The bearer of this letter and his companions, most of them your subjects, will testify to my conduct at my last hour. It remains for me to beg Your Most Christian Majesty, my brother-in-law and old ally, who have always protested your love for me, to give proof now of your goodness on all these points: firstly by charity, in paying my unfortunate servants the wages due to them-this is a burden on my conscience that only you can relieve: further, by having prayers offered to God for a queen who has borne the title Most Christian, and who dies a Catholic, stripped of all her possessions. As for my son, I commend him to you in so far as he deserves, for I cannot answer for him.
I have taken the liberty of sending you two precious stones, talismans against illness, trusting you will enjoy good health and a long and happy life. Accept them from your loving sister-in-law, who, as she dies, bears witness of her warm feelings for you. Again I commend my servants to you. Give instruction, if it please you, that for my soul’s sake part of what you owe me should be paid, and that for the sake of Jesus Christ, to whom I shall pray for you tomorrow as I die, I be left enough to found a memorial mass and give the customary alms.
Wednesday at two in the morning.
Your most loving and most true sister.
Marie, Queen of Scotland
“A book that will leave few readers unmoved.”–San Francisco Chronicle
She was the quintessential queen: statuesque, regal, dazzlingly beautiful. Her royal birth gave her claim to the thrones of two nations; her marriage to the young French dauphin promised to place a third glorious crown on her noble head.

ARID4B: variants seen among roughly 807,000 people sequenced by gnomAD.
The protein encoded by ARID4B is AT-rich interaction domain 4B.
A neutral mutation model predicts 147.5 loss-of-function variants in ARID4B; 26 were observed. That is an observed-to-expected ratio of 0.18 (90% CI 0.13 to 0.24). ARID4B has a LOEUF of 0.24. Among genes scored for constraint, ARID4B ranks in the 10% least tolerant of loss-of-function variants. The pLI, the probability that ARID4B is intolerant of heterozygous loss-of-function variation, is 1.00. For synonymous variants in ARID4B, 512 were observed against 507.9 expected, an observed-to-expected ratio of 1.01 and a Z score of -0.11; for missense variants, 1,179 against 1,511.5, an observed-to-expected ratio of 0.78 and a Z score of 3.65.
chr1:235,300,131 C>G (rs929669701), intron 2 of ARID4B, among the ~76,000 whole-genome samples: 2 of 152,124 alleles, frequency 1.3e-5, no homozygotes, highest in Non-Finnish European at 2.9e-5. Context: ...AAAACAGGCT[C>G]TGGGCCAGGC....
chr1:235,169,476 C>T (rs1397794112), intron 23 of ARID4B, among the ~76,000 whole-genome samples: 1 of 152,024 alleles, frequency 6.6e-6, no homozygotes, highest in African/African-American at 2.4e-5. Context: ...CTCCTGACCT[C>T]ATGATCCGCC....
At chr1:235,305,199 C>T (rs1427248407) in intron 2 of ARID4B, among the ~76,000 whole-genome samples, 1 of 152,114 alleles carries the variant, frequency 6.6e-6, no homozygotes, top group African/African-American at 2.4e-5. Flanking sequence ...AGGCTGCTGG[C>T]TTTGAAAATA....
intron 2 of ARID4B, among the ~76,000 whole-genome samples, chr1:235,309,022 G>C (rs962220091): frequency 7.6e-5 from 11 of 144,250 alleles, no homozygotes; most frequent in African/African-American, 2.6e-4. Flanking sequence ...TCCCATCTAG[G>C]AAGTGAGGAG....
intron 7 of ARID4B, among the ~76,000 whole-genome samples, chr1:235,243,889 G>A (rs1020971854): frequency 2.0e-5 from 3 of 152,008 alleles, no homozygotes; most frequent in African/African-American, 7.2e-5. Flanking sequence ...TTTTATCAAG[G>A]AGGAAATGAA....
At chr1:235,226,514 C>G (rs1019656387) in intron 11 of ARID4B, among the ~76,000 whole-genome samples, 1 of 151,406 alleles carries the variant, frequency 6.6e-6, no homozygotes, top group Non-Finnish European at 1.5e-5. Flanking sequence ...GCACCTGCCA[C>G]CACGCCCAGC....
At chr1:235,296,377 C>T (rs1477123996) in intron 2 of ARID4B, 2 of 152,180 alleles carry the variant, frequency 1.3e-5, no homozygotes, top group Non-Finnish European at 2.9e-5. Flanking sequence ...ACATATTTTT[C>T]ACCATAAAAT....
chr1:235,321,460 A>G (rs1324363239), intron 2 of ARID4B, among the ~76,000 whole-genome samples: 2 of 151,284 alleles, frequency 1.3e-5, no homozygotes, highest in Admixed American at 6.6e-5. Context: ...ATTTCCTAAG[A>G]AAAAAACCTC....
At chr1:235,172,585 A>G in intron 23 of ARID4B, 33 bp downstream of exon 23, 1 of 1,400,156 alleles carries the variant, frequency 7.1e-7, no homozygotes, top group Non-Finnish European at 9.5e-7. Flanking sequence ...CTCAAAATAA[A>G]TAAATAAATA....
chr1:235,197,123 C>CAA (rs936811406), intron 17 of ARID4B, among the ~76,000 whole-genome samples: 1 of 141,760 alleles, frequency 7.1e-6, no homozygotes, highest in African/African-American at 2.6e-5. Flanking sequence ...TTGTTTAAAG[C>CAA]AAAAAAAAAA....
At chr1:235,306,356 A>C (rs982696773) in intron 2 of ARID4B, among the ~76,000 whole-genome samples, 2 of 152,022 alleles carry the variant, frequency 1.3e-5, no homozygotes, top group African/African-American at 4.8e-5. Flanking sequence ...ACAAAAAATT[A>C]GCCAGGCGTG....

Instead, Mary Stuart became the victim of her own impulsive heart, scandalizing her world with a foolish passion that would lead to abduction, rape and even murder. Betrayed by those she most trusted, she would be lured into a deadly game of power, only to lose to her envious and unforgiving cousin, Elizabeth I. Here is her story, a queen who lost a throne for love, a monarch pampered and adored even as she was led to her beheading, the unforgettable woman who became a legend for all time.
Praise for Mary Queen of Scots
“She was sometimes reviled as a scheming whore, sometimes revered as a misunderstood martyr. But she was invariably regarded as fascinating. Antonia Fraser’s richly readable biography demonstrates that Mary’s great fascination continues unabated.”—Time
“Compassionate, illuminating, rich in human interest.”—The New York Times
”One of the most fascinating figures in history.” —The Columbus Dispatch
“With grace, sensitivity, and a sharp eye for detail, lady Antonia Fraser has succeeded not only in recapturing the real Mary from the symbol but also in illuminating the chaotic age in which she lived.”—Newsweek